Digital strategy makeover
Marketing strategy of your business and the website itself are always inextricably linked to one another. Whenever big changes occur in your 'game plan', they will most probably require you to redesign existing educational website as well.
For example, incorporating a new SEO strategy may involve both small changes (like adoption of the new components for site pages) and big ones (like completely rebuilding website structure). Content marketing may influence the site structure as well: content audit can inform platform owners of content gaps, media overuse, etc. All these findings will affect the appearance of site pages too.
Benchmark Your Current Metrics
The very first thing you want to do when preparing for a website redesign is conducting a website audit to figure out where you are at the moment, and in which directions you can move from there. You want to precisely know the current state of all integrations and website assets to understand what's working and what's not working.
Aside from that, you also should analyze website performance and current metrics, such as number of visits/visitors, bounce rate, linking domains, keywords, page indexed, sales generated, etc. Ideally, you want to come up with a spreadsheet that details performance (metrics) of each individual page of a website. This document will serve as a reference, helping you conduct the redesign process with less performance losses.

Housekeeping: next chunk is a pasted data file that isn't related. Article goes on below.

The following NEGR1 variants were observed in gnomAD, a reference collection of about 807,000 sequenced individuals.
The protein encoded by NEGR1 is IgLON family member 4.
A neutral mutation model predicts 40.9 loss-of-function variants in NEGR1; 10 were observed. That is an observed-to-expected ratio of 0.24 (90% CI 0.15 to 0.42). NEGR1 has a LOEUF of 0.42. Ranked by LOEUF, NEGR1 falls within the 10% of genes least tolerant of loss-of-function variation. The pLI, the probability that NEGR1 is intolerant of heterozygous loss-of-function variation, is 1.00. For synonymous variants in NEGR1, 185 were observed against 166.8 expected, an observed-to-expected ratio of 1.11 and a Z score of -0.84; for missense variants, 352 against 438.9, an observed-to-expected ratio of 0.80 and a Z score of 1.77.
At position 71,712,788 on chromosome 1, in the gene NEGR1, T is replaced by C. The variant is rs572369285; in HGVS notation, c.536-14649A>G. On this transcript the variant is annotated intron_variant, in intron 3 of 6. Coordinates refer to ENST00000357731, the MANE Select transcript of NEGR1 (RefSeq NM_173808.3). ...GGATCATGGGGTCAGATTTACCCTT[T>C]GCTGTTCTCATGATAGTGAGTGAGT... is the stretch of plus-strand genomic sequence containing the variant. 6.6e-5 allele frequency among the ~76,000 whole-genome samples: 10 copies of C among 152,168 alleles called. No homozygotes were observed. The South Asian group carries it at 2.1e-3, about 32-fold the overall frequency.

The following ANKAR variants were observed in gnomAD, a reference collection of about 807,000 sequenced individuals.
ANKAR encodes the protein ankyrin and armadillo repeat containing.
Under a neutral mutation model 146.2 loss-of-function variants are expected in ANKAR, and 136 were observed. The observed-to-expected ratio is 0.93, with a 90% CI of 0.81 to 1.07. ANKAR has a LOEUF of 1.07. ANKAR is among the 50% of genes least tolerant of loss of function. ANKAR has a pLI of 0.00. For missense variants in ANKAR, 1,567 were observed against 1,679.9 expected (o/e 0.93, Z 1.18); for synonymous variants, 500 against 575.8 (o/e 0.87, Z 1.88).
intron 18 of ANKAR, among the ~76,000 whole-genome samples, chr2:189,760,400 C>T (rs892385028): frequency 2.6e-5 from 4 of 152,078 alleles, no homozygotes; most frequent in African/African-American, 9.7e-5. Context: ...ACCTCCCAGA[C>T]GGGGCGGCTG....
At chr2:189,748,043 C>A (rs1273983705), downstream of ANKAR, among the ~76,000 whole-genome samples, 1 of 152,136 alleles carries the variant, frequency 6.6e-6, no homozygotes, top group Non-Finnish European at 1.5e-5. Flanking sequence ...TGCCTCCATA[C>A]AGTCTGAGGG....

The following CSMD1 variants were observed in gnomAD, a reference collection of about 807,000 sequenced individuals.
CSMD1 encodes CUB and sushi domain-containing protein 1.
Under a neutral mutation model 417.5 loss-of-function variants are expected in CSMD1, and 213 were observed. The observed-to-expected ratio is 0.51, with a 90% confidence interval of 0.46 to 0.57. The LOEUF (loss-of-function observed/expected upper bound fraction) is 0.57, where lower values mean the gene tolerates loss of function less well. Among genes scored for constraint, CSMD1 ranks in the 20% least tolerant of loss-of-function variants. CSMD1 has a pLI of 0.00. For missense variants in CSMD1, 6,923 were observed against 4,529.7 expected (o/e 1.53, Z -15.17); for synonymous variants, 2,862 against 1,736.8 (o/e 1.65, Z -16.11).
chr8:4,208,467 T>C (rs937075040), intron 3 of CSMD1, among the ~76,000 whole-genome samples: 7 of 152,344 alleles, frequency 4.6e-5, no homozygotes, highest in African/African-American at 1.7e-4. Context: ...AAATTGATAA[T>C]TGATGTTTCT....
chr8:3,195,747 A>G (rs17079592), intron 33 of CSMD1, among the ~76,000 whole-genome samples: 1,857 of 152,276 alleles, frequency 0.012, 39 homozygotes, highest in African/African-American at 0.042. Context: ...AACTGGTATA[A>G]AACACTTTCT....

Find Most Valuable Pages
Even though the redesign process may involve significant structural changes, it should never cause damage to those assets (pages) that are most valuable in terms of performance.
What is already working well should continue to do so once the redesign is done, so we recommend to refrain from blindly redesigning everything as it can cause irreparable damage to the platform.
You need to identify your most valuable pages and make sure that you treat them as carefully as possible — to keep the website from losing its positions and conversion rates after the redesign is done. It's also important to identify relationships between different pages to understand how changes applied to one will affect others.
No doubt that there may be lots of less significant pages that you can simply tear apart and redesign from scratch (or even delete), however, make sure that you always conduct a thorough analysis first.